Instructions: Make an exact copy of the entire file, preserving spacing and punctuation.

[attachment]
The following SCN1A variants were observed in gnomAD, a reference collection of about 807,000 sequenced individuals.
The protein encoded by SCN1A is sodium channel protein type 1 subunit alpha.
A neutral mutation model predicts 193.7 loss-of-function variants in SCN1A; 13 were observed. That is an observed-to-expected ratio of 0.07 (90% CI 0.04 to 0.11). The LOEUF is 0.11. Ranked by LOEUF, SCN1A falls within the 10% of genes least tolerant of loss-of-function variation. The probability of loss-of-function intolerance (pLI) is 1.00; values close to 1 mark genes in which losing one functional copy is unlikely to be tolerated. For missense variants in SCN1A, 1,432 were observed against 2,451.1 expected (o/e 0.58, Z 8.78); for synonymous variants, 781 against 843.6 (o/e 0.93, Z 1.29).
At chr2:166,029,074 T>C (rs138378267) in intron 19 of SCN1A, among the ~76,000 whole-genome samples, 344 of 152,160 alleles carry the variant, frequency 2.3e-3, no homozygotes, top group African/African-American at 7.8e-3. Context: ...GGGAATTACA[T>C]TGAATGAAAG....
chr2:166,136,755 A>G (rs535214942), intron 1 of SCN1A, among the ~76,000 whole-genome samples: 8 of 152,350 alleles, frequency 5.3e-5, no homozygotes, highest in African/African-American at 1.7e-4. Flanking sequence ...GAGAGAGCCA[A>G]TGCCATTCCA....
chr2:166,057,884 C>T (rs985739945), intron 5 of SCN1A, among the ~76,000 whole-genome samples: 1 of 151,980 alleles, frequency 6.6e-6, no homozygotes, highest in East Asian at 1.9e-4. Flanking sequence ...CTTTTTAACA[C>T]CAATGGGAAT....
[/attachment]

The following SCN1A variants were observed in gnomAD, a reference collection of about 807,000 sequenced individuals.
The protein encoded by SCN1A is sodium channel protein type 1 subunit alpha.
A neutral mutation model predicts 193.7 loss-of-function variants in SCN1A; 13 were observed. That is an observed-to-expected ratio of 0.07 (90% CI 0.04 to 0.11). The LOEUF is 0.11. Ranked by LOEUF, SCN1A falls within the 10% of genes least tolerant of loss-of-function variation. The probability of loss-of-function intolerance (pLI) is 1.00; values close to 1 mark genes in which losing one functional copy is unlikely to be tolerated. For missense variants in SCN1A, 1,432 were observed against 2,451.1 expected (o/e 0.58, Z 8.78); for synonymous variants, 781 against 843.6 (o/e 0.93, Z 1.29).
At chr2:166,029,074 T>C (rs138378267) in intron 19 of SCN1A, among the ~76,000 whole-genome samples, 344 of 152,160 alleles carry the variant, frequency 2.3e-3, no homozygotes, top group African/African-American at 7.8e-3. Context: ...GGGAATTACA[T>C]TGAATGAAAG....
chr2:166,136,755 A>G (rs535214942), intron 1 of SCN1A, among the ~76,000 whole-genome samples: 8 of 152,350 alleles, frequency 5.3e-5, no homozygotes, highest in African/African-American at 1.7e-4. Flanking sequence ...GAGAGAGCCA[A>G]TGCCATTCCA....
chr2:166,057,884 C>T (rs985739945), intron 5 of SCN1A, among the ~76,000 whole-genome samples: 1 of 151,980 alleles, frequency 6.6e-6, no homozygotes, highest in East Asian at 1.9e-4. Flanking sequence ...CTTTTTAACA[C>T]CAATGGGAAT....